My children had fun using touch screens to attempt virtual writing with chocolate and to watch the preparation of pains au chocolat using time lapse filming.
There are animations, a colossal amount of information about the cocoa bean is disseminated and the most spectacular pieces of chocolate art are displayed about the building. Yes of course (I feel you tugging at my sleeve to ask) there are samples to taste throughout the exhibition, the classics and also some surprising flavour pairings. The tasting point within Valrhona’s gift store provids a very comprehensive breakdown of the virtues of the staggering number of different varieties of chocolat noir, au lait, blanc plus couverture which contains a higher percentage of cocoa butter.
For my husband, the blackest of deep, smouldering dark chocolate is considered heaven on earth. He does not like sugar particularly and I find this tragic! However, he adores one, or possibly two squares of good quality chocolat noir with a cup of (unsweetened) coffee. For him, Valrhona manufactures a beautiful quality product and an an excellent array of noirs. Absent from our visit, we went about finding the variety that would appreciate the most. Our heads were turned by a scattering of choices, and Abinao, Manjari and Guanaja were noirs I had already purchased for him.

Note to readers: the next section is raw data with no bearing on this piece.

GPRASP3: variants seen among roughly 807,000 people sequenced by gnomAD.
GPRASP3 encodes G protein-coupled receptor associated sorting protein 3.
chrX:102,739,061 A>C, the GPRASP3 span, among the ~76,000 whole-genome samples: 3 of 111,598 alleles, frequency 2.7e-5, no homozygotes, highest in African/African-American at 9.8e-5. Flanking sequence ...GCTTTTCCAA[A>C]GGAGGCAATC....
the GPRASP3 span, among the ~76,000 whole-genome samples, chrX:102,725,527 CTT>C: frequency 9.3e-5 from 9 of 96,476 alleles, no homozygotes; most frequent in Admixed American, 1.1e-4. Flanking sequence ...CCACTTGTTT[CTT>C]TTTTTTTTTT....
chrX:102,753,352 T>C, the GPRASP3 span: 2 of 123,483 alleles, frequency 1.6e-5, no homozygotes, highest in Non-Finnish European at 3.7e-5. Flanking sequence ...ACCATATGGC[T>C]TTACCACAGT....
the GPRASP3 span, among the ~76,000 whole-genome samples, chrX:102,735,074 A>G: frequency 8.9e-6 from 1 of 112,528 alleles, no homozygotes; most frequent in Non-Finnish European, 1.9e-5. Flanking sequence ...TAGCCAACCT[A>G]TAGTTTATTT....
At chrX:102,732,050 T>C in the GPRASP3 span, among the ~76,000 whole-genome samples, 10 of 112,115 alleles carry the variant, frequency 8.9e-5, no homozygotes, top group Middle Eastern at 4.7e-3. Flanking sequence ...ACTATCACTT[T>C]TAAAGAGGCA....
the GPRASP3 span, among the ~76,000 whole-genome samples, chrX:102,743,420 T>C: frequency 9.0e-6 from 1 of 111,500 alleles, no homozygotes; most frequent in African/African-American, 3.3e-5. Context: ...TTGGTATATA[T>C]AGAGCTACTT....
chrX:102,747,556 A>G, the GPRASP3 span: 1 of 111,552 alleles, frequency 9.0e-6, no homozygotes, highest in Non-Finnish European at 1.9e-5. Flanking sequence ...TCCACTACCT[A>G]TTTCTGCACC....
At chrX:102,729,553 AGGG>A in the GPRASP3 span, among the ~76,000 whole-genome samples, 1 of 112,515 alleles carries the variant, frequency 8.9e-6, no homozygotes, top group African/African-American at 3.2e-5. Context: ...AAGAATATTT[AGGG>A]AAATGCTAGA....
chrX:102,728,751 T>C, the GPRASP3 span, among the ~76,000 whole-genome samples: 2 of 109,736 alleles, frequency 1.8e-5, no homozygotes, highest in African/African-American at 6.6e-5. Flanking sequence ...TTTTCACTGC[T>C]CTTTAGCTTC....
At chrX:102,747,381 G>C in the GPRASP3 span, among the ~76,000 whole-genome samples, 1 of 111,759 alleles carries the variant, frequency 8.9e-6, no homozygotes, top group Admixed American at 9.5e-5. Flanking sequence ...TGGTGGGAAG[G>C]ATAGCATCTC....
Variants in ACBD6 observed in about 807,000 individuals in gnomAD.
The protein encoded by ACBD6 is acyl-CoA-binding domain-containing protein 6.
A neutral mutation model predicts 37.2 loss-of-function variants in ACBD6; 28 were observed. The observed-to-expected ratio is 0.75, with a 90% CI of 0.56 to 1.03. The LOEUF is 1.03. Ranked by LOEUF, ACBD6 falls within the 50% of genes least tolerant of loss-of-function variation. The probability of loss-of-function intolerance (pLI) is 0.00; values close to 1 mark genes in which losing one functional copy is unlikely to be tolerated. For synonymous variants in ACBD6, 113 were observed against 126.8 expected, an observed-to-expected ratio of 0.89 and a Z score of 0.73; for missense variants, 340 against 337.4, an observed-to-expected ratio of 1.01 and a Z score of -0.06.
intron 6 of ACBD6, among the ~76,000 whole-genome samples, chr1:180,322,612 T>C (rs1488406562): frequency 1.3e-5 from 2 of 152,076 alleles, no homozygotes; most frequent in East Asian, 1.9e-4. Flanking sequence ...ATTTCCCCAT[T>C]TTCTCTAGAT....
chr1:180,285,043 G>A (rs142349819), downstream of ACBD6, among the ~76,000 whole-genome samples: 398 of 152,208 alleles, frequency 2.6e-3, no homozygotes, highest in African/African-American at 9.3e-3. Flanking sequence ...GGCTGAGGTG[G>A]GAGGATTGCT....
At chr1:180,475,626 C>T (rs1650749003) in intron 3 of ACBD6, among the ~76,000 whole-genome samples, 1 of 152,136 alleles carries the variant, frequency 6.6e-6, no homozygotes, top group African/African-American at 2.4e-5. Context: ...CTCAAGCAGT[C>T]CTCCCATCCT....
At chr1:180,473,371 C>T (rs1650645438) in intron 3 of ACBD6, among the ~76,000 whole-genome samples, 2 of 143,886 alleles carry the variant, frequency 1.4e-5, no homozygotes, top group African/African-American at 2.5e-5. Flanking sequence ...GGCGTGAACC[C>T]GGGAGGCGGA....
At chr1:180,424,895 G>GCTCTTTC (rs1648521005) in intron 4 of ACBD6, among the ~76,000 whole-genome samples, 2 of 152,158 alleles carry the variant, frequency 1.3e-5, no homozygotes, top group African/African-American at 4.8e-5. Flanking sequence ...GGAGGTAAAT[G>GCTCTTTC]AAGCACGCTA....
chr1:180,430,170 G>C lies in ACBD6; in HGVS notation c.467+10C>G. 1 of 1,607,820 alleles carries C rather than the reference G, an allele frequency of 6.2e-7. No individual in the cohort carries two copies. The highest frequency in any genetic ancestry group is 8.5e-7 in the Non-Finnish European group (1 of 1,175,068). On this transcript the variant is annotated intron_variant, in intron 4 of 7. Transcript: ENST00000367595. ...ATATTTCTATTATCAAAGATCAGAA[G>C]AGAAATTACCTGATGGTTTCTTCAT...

For myself, now I duck as you pick up that coffee cup again, my preference has always been white chocolate. After tasting Valrhona’s Dulcey, a blond a couple of years back, it has become the only one that I will eat, it is exquisite. I have gone to lengths to get it at times, but it is worth a drive, or a wait by post and certainly every cent.